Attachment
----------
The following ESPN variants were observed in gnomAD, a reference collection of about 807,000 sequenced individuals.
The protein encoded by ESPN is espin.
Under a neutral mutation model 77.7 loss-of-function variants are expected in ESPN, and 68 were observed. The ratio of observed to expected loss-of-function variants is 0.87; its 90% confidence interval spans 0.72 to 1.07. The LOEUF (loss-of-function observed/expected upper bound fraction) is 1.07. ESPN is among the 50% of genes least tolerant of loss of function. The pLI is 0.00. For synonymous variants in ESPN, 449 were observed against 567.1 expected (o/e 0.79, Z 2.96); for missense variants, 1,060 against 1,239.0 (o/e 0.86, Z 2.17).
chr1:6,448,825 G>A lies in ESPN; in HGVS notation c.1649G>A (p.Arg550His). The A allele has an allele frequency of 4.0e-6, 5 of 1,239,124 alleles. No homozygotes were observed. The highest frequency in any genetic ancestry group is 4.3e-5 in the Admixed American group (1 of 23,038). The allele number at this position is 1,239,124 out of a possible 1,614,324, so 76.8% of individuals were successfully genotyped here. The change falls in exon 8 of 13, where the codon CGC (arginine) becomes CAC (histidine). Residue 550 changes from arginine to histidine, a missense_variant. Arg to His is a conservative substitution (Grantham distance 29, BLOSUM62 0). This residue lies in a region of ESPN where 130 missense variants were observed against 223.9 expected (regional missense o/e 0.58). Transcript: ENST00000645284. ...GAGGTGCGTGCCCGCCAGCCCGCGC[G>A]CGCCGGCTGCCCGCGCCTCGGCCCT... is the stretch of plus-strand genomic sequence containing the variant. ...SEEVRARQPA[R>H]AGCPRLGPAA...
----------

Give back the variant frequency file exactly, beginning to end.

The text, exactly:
The following ESPN variants were observed in gnomAD, a reference collection of about 807,000 sequenced individuals.
The protein encoded by ESPN is espin.
Under a neutral mutation model 77.7 loss-of-function variants are expected in ESPN, and 68 were observed. The ratio of observed to expected loss-of-function variants is 0.87; its 90% confidence interval spans 0.72 to 1.07. The LOEUF (loss-of-function observed/expected upper bound fraction) is 1.07. ESPN is among the 50% of genes least tolerant of loss of function. The pLI is 0.00. For synonymous variants in ESPN, 449 were observed against 567.1 expected (o/e 0.79, Z 2.96); for missense variants, 1,060 against 1,239.0 (o/e 0.86, Z 2.17).
chr1:6,448,825 G>A lies in ESPN; in HGVS notation c.1649G>A (p.Arg550His). The A allele has an allele frequency of 4.0e-6, 5 of 1,239,124 alleles. No homozygotes were observed. The highest frequency in any genetic ancestry group is 4.3e-5 in the Admixed American group (1 of 23,038). The allele number at this position is 1,239,124 out of a possible 1,614,324, so 76.8% of individuals were successfully genotyped here. The change falls in exon 8 of 13, where the codon CGC (arginine) becomes CAC (histidine). Residue 550 changes from arginine to histidine, a missense_variant. Arg to His is a conservative substitution (Grantham distance 29, BLOSUM62 0). This residue lies in a region of ESPN where 130 missense variants were observed against 223.9 expected (regional missense o/e 0.58). Transcript: ENST00000645284. ...GAGGTGCGTGCCCGCCAGCCCGCGC[G>A]CGCCGGCTGCCCGCGCCTCGGCCCT... is the stretch of plus-strand genomic sequence containing the variant. ...SEEVRARQPA[R>H]AGCPRLGPAA...